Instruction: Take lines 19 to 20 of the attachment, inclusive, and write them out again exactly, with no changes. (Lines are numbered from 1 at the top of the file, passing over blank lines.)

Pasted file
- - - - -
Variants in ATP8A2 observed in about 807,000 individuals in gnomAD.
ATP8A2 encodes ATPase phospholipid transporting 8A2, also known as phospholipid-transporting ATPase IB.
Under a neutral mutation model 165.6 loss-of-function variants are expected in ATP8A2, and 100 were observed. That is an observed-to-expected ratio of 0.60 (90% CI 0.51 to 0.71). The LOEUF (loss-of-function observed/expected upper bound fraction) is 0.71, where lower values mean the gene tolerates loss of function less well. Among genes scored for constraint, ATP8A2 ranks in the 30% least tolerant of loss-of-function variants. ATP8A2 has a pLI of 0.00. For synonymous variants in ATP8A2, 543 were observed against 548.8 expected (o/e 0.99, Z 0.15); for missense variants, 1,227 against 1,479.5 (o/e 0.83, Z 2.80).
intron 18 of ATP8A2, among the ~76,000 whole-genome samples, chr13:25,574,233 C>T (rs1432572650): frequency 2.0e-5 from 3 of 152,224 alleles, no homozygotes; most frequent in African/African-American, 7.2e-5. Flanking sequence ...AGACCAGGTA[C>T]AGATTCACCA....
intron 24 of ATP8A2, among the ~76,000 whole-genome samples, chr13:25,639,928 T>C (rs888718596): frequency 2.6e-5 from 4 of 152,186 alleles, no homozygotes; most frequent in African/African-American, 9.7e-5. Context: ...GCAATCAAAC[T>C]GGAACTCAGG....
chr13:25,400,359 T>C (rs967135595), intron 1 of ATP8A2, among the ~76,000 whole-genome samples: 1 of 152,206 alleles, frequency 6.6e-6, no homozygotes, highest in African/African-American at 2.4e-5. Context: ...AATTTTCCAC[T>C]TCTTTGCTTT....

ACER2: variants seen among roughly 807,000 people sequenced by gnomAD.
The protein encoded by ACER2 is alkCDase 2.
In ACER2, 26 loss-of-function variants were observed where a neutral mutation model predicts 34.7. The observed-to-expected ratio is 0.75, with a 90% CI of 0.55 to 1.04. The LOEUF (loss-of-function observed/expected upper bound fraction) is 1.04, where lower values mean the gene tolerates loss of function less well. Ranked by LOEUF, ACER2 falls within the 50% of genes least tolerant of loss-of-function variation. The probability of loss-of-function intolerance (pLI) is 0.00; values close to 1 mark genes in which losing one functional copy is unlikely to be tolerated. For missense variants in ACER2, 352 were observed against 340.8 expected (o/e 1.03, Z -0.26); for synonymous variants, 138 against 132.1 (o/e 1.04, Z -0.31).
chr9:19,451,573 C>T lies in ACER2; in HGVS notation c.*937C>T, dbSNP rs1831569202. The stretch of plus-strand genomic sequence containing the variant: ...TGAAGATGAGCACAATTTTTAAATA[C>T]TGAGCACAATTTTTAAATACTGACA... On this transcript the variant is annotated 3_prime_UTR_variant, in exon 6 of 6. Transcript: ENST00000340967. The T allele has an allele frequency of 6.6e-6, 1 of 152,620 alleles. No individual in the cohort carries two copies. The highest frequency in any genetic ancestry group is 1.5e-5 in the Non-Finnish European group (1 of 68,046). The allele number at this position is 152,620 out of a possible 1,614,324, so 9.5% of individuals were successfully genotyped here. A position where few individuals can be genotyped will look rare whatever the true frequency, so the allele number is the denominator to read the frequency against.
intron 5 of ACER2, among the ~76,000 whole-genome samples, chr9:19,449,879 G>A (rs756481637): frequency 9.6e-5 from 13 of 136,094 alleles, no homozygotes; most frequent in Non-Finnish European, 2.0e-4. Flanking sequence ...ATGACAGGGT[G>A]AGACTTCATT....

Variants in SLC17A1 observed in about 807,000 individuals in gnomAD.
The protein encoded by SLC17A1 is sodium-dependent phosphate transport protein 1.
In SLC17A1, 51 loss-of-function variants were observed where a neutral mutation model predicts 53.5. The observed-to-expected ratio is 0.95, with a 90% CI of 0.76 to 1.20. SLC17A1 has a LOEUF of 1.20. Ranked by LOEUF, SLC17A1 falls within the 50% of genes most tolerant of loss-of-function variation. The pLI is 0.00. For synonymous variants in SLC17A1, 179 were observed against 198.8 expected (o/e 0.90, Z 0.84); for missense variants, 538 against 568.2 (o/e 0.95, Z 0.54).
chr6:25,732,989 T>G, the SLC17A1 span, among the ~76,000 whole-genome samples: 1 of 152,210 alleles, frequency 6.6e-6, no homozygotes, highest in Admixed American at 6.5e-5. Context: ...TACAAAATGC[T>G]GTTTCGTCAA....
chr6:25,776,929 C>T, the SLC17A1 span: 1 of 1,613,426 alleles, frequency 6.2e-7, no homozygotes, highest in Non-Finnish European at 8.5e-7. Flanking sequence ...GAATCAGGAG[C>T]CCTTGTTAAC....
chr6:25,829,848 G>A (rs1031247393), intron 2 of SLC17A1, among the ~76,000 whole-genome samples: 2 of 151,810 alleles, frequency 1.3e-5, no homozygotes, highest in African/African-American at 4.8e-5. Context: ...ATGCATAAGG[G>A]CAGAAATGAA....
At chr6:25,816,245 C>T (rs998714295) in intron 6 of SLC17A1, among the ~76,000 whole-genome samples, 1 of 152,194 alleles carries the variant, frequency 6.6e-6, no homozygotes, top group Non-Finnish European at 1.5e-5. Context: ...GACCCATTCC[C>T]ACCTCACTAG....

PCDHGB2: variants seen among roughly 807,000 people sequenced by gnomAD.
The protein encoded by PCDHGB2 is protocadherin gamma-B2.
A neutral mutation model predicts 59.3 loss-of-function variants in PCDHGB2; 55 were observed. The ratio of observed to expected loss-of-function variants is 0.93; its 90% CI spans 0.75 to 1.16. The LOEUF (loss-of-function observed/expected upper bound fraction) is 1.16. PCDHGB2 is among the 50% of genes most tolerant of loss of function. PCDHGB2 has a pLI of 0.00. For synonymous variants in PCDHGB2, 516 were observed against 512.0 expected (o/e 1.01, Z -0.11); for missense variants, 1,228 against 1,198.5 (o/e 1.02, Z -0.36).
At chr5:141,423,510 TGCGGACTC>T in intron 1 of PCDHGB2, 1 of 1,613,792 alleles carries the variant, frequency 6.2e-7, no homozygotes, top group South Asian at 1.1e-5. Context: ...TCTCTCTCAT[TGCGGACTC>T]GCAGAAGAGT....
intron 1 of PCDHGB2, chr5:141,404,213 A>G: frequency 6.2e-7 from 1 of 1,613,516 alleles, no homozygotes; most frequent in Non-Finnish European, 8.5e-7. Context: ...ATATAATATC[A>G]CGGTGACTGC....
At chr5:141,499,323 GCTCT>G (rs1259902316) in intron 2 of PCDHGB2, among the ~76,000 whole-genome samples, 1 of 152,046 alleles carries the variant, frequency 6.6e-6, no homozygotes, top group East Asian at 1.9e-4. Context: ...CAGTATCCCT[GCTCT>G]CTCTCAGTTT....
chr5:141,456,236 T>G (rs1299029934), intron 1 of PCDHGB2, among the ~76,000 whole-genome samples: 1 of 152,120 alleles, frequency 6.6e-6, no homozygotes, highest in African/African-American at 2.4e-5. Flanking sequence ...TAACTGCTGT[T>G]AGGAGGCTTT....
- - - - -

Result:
PCDHGB2: variants seen among roughly 807,000 people sequenced by gnomAD.
The protein encoded by PCDHGB2 is protocadherin gamma-B2.